« "Resteten" was the name I gave to my dream world, a world full of harmony and peace in which nothing evil happened, a world rotating round some distant sun far out in the universe. When I was a small boy, whenever life here on earth seemed difficult and incomprehensible, I liked to retire there to its majestic mountain scenery through which the fast-running Olympia River flowed. This happened very often.
« For from my earliest childhood on I was different from the others of my age, and for children this is of course sufficient reason to mock, punch, and torture. I was unable to defend myself, because a deep-rooted feeling prevented me from raising my hand to hurt another. As a result mixing with schoolmates, which is for most people an enjoyable part of going to school, was torture for me. Nevertheless, on the very first day I found a friend who was always ready to "roll his sleeves up" for me. His name, Inno, is more distinctive than he himself ever was; he is a practical, down-to-earth boy who (unfortunately for me) went back recently to live in America where he was born and where he fits in well. »
* * *
One explanation for the association of autism with the NP character type is that autism is part of a spectrum of developmental disorders based on several (or many) genetic causes that occur in all of the NPA types. Practitioners who give the diagnosis of "autistic child" give it mainly on the basis of a behavioral syndrome that involves compulsive, repetitive and perfectionistic activity, hence mainly in NP children with a variety of developmental disorders.
In consequence, the category of "autistic child" would not be a genetically homogeneous group from the point of view of developmental disorders. The apparent homogeneity of the category would stem from the fact that practitioners have simply selected NP children to put in a group having the label of "autistic child."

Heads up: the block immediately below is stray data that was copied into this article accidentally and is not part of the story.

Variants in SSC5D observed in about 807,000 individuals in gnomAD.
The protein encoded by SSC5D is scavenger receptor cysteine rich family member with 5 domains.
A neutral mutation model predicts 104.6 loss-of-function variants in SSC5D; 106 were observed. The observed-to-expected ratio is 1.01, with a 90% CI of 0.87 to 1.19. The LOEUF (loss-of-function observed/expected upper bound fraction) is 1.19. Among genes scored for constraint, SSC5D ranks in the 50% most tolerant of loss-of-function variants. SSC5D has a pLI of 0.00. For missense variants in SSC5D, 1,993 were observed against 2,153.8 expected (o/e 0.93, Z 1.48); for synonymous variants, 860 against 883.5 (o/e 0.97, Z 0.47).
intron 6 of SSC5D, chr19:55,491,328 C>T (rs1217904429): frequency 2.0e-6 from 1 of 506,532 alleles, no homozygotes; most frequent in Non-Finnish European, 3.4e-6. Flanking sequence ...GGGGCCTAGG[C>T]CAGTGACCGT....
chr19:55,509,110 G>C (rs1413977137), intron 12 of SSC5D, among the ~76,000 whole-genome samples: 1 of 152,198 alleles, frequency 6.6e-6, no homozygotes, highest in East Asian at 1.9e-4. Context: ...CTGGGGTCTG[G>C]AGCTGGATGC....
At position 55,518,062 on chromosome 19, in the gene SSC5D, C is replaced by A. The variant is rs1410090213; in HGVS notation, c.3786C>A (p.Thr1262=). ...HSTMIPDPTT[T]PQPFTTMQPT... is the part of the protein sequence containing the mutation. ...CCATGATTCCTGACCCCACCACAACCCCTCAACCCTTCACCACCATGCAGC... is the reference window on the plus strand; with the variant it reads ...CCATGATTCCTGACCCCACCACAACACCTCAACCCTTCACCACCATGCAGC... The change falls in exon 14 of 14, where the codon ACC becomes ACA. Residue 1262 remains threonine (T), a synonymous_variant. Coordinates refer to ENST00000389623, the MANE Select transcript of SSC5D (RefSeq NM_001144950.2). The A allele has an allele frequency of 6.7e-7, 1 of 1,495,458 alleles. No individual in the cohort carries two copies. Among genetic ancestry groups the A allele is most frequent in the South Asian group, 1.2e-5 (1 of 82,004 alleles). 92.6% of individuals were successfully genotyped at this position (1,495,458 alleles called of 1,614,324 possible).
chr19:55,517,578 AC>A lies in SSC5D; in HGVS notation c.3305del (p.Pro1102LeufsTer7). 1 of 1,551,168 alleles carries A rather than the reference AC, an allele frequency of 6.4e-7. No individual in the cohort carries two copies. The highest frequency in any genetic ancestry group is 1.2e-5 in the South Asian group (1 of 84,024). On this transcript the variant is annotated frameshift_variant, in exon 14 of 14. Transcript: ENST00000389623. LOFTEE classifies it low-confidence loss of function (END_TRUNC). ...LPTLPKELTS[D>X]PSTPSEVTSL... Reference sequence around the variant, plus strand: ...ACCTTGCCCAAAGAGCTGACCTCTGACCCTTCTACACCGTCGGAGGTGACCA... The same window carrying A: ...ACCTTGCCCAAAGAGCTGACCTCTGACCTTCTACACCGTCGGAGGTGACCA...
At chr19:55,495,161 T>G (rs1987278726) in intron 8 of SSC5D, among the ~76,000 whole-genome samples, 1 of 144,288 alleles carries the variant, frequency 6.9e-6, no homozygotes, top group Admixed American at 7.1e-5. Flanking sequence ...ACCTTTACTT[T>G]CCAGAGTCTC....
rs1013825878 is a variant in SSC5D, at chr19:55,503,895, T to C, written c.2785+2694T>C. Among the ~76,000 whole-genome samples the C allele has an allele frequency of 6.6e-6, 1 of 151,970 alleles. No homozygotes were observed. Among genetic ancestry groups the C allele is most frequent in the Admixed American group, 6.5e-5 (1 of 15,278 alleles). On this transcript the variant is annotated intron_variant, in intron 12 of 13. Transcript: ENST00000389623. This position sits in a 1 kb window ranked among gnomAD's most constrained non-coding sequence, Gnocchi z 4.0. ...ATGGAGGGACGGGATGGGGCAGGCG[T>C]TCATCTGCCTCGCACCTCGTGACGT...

Thus, the NPA genes themselves would have nothing at all to do with "causing" the developmental defect. Being a NP child would not predispose the child to autism. However, being an NP child with a developmental disorder would predispose the child's being placed in the category of "autism" by practitioners.
The "idiot savant"
These individuals can perform phenomenally complicated numerical computations mentally, often without being able to explain how they arrive at their answers. Various authors have related the idiot savant to the autistic child, hence we are drawn to the conclusion that this mental wizard is also of the NP character type.
Adult-onset schizophrenia in the NP type
From an examination of the psychiatric literature, including case studies and descriptions of premorbid personalities, we come to the conclusion that the mature NP individual is vulnerable to several different subtypes of schizophrenic decompensation. We believe that the subtype is determined by the premorbid NP personality subtype mainly through inheritance
A clue to the nature of the schizophrenic decompensation at maturity in the NP type may be found in the case history of Deiter, an autistic child presented in Bosch's monograph. (A sketch of Deiter's father was given above). When Deiter was about 14 years old...